Women’s Spaces

A women-only space is the border and frontier for women to stay safe in public places. In the beginning, it was built to protect women.

Globally, women-only spaces and related services are harmed due to the permission for those “trans-identified males” to access both. As a result, women are deprived of personal safety and dignity.



Yan Fong admitted that during her service as the Dean of Student Affairs (from Aug. 2005 to Jul. 2012) she “secretly” helped several trans students transfer to the dormitories of their self-identified genders. She also said that beside the submittance of medical reports of gender dysphoria, these students’ parents and roommates were acknowledged.

NTU’s Ex- Dean of Student Affairs “transfers transgender students to dormitories of their genders”: Shall not sit and watch Xiao Yu suffer from living in the male dormitory

鏡週刊 Mirror Media

A NTNU’s trans-identified male staff went to the female swimming pool changing room at the campus. The staff was reported to the police by an off-campus swimmer. After the discussion of NTNU’s Gender Equality Committee, the staff was allowed to use female’s changing rooms and restrooms.

【Gender Equality in the University】After event of female swimming pool changing room, NTNU’s principal reveals whole progress


ISTS Care has been in a long-term collaboration with TAPCPR. Its director, Yi-Ting Wu, not only supported self-ID but also insisted that all restrooms should be modified as “unisex restrooms”. Besides, she has threatened to sue the people who suspected trans women as male predators and tried to expel them from female restrooms.


TAPCPR stood against the transgender markers on ID cards. It proposed that these markers would cause troubles of explanation for transgender people.

These transgender markers would cause troubles of explanation for transgender people.
Source: PTS’ Official Website

(TAPCPR’s Lawsuit) In 2017, a trans woman, Yu-Hsun Wu, applied to live in the female dormitory at Chang Gung University (CGU). After a negotiation between Wu and the university, the independent room in a unisex dormitory was offered to Wu in order to save him from the uncomfortable feelings of living with male classmates. When Wu said that he was not used to this place, the university advised him to live in a new gender-friendly dormitory built next to the female dormitory. However, Wu and TAPCPR deemed this arrangement as a type of gender separation.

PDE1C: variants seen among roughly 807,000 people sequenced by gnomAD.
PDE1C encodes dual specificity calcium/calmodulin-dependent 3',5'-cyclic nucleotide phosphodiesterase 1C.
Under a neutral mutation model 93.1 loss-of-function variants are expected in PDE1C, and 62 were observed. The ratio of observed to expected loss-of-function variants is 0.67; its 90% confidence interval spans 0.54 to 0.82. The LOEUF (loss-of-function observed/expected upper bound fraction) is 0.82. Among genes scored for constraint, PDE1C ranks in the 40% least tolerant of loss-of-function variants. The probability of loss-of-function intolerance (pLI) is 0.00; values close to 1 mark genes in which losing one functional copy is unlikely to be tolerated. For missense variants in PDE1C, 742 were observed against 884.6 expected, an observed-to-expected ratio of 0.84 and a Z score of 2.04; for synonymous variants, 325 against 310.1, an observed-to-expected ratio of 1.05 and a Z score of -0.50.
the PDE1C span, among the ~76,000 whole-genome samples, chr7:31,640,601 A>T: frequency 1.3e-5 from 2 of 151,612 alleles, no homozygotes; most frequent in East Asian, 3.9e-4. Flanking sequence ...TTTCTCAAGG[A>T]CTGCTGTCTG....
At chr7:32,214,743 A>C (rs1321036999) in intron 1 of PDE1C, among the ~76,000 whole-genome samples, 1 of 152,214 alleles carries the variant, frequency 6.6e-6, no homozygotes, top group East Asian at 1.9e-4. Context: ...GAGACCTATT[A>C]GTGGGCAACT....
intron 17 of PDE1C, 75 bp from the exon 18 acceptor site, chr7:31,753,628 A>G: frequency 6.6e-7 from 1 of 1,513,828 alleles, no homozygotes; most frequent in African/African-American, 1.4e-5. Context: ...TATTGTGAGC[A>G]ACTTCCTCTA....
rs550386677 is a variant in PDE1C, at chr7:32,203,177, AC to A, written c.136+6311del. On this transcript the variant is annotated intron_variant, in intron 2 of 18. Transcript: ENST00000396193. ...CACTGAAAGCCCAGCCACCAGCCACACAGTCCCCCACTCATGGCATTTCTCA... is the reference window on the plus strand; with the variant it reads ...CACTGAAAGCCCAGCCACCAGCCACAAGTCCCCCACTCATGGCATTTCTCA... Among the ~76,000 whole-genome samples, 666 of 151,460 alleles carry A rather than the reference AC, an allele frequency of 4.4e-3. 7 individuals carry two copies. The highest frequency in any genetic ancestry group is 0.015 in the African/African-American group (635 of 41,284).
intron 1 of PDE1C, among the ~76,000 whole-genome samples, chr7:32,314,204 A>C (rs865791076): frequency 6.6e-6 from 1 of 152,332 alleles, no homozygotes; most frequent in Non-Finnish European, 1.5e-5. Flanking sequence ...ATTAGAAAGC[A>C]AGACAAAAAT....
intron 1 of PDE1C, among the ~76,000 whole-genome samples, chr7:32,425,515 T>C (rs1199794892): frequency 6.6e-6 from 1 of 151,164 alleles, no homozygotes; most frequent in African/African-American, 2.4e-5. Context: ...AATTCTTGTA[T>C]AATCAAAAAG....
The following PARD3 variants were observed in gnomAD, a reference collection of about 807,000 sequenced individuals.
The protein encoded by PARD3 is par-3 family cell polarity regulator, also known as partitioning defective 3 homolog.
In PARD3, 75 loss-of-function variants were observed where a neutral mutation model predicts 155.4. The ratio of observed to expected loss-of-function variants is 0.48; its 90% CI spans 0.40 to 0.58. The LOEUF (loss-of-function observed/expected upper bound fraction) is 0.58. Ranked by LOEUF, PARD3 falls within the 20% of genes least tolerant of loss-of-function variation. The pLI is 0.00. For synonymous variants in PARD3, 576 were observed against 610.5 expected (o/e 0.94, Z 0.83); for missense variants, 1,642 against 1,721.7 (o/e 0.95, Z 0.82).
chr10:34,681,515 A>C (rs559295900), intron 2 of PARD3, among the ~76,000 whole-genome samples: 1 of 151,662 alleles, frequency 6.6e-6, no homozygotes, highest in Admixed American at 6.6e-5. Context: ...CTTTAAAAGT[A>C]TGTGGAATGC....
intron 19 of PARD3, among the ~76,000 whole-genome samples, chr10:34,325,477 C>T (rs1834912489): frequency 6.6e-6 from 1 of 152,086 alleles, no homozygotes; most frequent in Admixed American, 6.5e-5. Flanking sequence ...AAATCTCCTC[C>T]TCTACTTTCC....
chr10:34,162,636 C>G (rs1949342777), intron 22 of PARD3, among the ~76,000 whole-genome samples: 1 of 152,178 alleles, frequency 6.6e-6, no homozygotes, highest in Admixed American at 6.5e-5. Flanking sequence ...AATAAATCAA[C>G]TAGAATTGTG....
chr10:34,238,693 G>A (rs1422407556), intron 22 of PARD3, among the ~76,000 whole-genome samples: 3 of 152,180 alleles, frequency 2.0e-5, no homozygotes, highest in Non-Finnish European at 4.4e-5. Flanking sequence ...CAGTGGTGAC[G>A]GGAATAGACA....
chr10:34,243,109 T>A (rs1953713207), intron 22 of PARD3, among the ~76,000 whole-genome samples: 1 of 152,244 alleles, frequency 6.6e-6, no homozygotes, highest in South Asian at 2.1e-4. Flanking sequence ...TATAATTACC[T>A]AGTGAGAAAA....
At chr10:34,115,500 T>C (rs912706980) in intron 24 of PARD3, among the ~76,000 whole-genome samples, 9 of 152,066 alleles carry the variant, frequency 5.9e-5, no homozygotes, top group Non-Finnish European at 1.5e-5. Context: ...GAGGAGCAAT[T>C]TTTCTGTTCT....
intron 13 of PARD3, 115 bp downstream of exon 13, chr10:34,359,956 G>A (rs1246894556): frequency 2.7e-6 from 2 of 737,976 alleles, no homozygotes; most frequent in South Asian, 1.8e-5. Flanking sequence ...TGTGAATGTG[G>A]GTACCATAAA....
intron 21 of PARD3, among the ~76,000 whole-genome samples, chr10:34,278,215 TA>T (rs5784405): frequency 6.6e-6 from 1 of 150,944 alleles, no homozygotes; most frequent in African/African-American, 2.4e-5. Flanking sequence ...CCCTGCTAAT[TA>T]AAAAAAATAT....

Transgender student sparks dorm row The JudgementTAPCPR’s Declaration

Jin Mountain

On 13 Apr. 2018, it was said that a man broke into “Nanping Public Bathroom” of the female hot spring on the Jin Mountain in New Taipei City. According to one female guest, the person had long hair, flat chest, and masculine face. When she saw this person’s penis, she asked him to leave. However, the man repudiated that “don’t refer to me as a man” and left in haste.

Cross-dressing male in female hot spring on Jin Mountain! When suspected, “he” replies in this way


(TAPCPR’s Lawsuit) In 2019, Ms. Yang, a trans woman, joined a job interview held by a startup company. During the interview, Yang mentioned her need for using female restroom whereas the interviewer did not make a promise for that. On 9 May, the company informed Yang that other female colleagues would use the female restroom only if she was absent. Thus, the company suggested Yang use the accessible restroom. Though the company did not hire Yang, it was fined NT$300,000 for gender discrimination.

Company fined NT$300,000 for gender discrimination because of its rejection to trans interviewee’s requirement for female restroom The Judgement


In the draft of the Equality Act, TAPCPR has added one’s gender identity. It has claimed that “the people who already change or seek to change their sexes could suffer from gender discrimination” hence “any rejection to their access to products, service, and facilities” is a type of gender discrimination.


In its training plan for seed teachers, TAPCPR tried to obfuscate the ideas of home restrooms, family restrooms, racial separation, and Yong-Zhi Ye Incident with public restrooms divided by sexes. It tried to make a conclusion that “sex-based restrooms are nonsense” in order to promote the idea of “gender-identity-based restrooms”.